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It includes requirements of other legislation and Committee reports as follows:

FY 1980
Staff Years

The Defense Authorization Act

of 1979

Public Telecommunications Financing

Act of 1978

Health Services Extension Act

of 1978

Energy Research and Development

Administration Authorization
Act of 1978

Outer Continental Shelf Lands Act

An Act to clarify the Authority

for the Employment of Personnel
in the White House office and
the Executive Residence at
the White House; to clarify
the Authority for the Employment
of Personnel by the President
to Meet Unanticipated Needs;
and for Other Purposes

Senate Report and House Conference

Report on the Department of
Defense Appropriation Act
of 1979

Electric Utility Rate Section

of National Energy Act

Powerplant and Industrial Fuel

Use Act of 1978

It also includes 103 staff years to meet the additional

FY 1980 workload requirements of requests of Congressional

Committees and Members.

Planning, as we are, for Committee and Member requests to increase by 103 staff years in FY 1980 is a conservative


In all likelihood, the increase in requirements for work in FY 1980--over fy 1979 levels--imposed by Committee and Member requests will exceed this amount. The increase of 103 staff years for work under Committee and Member requests

constitutes only a 7 percent increase over FY 1979 levels.

Using FY 1971 as a base, resources required to fulfill

Committee and Member requests have increased by more than 7 percent in all but one year. The average increase for the period from FY 1971 through FY 1978 has been 15.5 percent.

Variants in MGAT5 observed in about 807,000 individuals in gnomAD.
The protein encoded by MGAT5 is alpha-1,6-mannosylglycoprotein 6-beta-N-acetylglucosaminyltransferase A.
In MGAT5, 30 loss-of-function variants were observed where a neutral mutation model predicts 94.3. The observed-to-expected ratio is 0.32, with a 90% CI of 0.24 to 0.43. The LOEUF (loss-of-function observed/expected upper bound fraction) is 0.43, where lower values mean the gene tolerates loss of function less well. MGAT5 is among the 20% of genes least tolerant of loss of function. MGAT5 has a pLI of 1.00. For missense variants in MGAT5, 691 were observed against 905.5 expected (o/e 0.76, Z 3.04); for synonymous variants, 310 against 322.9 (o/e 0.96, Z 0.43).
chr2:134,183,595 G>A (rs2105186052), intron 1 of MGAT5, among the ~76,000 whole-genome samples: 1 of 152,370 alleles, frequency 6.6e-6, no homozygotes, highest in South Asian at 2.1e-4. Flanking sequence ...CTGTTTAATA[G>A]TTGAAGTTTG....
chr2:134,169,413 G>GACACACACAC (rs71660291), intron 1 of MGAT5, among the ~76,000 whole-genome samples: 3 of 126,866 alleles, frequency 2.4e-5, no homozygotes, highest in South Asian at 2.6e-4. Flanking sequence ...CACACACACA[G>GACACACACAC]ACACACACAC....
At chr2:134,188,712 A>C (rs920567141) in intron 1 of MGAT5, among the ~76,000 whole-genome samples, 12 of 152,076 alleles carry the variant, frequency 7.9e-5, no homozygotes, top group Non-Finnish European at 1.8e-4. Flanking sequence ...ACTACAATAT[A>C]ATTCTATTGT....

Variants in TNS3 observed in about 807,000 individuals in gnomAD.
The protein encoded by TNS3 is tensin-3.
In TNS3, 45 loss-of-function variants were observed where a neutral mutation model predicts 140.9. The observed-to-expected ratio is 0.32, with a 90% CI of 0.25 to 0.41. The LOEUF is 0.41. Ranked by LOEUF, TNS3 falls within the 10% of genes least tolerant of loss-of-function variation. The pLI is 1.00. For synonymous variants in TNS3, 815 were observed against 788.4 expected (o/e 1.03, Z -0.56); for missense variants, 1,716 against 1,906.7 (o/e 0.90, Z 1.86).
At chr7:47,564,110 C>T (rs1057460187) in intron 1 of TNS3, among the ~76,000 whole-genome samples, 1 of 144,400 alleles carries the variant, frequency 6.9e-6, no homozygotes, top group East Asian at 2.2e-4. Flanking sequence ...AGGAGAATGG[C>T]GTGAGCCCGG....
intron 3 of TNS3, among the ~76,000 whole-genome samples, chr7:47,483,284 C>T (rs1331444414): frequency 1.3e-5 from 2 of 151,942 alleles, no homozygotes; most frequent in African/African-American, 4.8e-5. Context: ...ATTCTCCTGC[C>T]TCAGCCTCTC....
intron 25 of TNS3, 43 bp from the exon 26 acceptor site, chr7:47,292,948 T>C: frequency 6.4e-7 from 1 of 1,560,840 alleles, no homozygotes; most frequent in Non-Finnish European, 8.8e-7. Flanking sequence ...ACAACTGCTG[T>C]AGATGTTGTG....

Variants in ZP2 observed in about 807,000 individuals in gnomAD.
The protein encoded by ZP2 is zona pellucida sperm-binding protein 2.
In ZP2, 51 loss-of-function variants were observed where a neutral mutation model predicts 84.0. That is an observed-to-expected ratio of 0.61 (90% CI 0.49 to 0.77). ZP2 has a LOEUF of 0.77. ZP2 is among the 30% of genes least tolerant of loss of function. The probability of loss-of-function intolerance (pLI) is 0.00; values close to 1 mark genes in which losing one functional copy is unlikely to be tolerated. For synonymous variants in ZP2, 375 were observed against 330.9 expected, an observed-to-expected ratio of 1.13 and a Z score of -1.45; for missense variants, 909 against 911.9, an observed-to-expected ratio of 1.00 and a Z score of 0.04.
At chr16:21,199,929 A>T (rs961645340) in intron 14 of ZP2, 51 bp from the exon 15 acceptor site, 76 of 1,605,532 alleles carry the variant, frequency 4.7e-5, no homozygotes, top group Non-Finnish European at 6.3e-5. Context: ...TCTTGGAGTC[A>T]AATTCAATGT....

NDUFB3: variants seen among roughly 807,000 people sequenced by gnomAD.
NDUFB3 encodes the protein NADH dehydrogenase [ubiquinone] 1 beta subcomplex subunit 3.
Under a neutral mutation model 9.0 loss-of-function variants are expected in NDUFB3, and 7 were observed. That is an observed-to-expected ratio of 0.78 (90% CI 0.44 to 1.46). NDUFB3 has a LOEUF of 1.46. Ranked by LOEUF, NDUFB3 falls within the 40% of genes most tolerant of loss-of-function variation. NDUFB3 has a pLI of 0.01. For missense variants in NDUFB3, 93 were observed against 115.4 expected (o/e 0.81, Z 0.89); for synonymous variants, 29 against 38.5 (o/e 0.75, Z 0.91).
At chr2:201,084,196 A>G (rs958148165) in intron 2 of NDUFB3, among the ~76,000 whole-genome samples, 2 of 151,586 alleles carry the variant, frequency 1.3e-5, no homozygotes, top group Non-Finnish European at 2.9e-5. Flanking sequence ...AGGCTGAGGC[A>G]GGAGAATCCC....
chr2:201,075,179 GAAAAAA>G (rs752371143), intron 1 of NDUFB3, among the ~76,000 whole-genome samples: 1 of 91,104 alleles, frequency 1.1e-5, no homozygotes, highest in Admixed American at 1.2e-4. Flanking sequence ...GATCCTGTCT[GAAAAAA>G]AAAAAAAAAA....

The 212 staff years required by new legislation and Committee reports referred to by the question; the 35 staff years required by legislation and Committee reports in addition to those referred to by the question; and the 103 staff years that will be required in FY 1980 to meet Committee and Member requests--above FY 1979 levels--in total comprise the 350 additional staff years of workload for which we

are requesting resources in FY 1980.


Most of this new legislation and Committee reports increase GAO workload in both fy 1979 and in FY 1980. But for much

of it, the staff year impact differs between those two years.

Some will be worked on and completed in FY 1979 and will have no impact on FY 1980 staffing requirements. Many will

continue to require significant work in FY 1980 and will need to be staffed in that year also. There are a few congressional actions that we now know of which will require no work (or staff) in FY 1979 but will need to be performed in fy 1980. This relationship between the two years is pointed up by the attached. It lists the workload impact of new legislation and Committee reports that we now know about. We know that FY 1980 additional workload requirements are understated in that they do not include provision for

new legislation which will impact on that year, even though

it is a virtual certainty that there will be substantial new legislative reguirements.